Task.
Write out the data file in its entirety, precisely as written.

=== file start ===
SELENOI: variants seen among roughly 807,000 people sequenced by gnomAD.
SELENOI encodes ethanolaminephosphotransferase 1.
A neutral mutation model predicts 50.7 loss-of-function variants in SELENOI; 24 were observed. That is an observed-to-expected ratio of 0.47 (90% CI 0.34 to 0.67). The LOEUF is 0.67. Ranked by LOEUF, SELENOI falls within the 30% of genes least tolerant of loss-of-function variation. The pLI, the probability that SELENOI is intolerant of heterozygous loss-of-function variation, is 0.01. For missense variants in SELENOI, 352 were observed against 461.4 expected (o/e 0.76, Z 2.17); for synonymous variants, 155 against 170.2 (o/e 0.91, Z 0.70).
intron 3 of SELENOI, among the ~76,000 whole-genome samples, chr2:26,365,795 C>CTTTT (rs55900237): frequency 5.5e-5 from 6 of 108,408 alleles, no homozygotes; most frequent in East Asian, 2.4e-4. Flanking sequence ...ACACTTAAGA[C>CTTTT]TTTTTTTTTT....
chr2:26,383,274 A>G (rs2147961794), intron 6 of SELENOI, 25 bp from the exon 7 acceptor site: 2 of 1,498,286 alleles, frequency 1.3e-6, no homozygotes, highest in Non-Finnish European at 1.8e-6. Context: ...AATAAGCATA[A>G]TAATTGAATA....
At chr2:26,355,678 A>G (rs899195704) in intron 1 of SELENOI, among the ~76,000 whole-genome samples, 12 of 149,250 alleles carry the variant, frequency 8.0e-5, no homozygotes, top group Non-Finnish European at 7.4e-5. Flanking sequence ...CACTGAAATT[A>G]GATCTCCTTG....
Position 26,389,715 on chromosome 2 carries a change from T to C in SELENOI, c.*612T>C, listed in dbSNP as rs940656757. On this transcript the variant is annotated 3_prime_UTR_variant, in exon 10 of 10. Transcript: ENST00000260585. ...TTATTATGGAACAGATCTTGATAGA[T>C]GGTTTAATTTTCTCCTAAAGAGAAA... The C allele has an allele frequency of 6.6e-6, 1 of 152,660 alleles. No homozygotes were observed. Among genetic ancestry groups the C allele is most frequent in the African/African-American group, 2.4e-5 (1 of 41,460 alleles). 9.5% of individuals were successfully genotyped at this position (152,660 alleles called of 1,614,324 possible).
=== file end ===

SELENOI: variants seen among roughly 807,000 people sequenced by gnomAD.
SELENOI encodes ethanolaminephosphotransferase 1.
A neutral mutation model predicts 50.7 loss-of-function variants in SELENOI; 24 were observed. That is an observed-to-expected ratio of 0.47 (90% CI 0.34 to 0.67). The LOEUF is 0.67. Ranked by LOEUF, SELENOI falls within the 30% of genes least tolerant of loss-of-function variation. The pLI, the probability that SELENOI is intolerant of heterozygous loss-of-function variation, is 0.01. For missense variants in SELENOI, 352 were observed against 461.4 expected (o/e 0.76, Z 2.17); for synonymous variants, 155 against 170.2 (o/e 0.91, Z 0.70).
intron 3 of SELENOI, among the ~76,000 whole-genome samples, chr2:26,365,795 C>CTTTT (rs55900237): frequency 5.5e-5 from 6 of 108,408 alleles, no homozygotes; most frequent in East Asian, 2.4e-4. Flanking sequence ...ACACTTAAGA[C>CTTTT]TTTTTTTTTT....
chr2:26,383,274 A>G (rs2147961794), intron 6 of SELENOI, 25 bp from the exon 7 acceptor site: 2 of 1,498,286 alleles, frequency 1.3e-6, no homozygotes, highest in Non-Finnish European at 1.8e-6. Context: ...AATAAGCATA[A>G]TAATTGAATA....
At chr2:26,355,678 A>G (rs899195704) in intron 1 of SELENOI, among the ~76,000 whole-genome samples, 12 of 149,250 alleles carry the variant, frequency 8.0e-5, no homozygotes, top group Non-Finnish European at 7.4e-5. Flanking sequence ...CACTGAAATT[A>G]GATCTCCTTG....
Position 26,389,715 on chromosome 2 carries a change from T to C in SELENOI, c.*612T>C, listed in dbSNP as rs940656757. On this transcript the variant is annotated 3_prime_UTR_variant, in exon 10 of 10. Transcript: ENST00000260585. ...TTATTATGGAACAGATCTTGATAGA[T>C]GGTTTAATTTTCTCCTAAAGAGAAA... The C allele has an allele frequency of 6.6e-6, 1 of 152,660 alleles. No homozygotes were observed. Among genetic ancestry groups the C allele is most frequent in the African/African-American group, 2.4e-5 (1 of 41,460 alleles). 9.5% of individuals were successfully genotyped at this position (152,660 alleles called of 1,614,324 possible).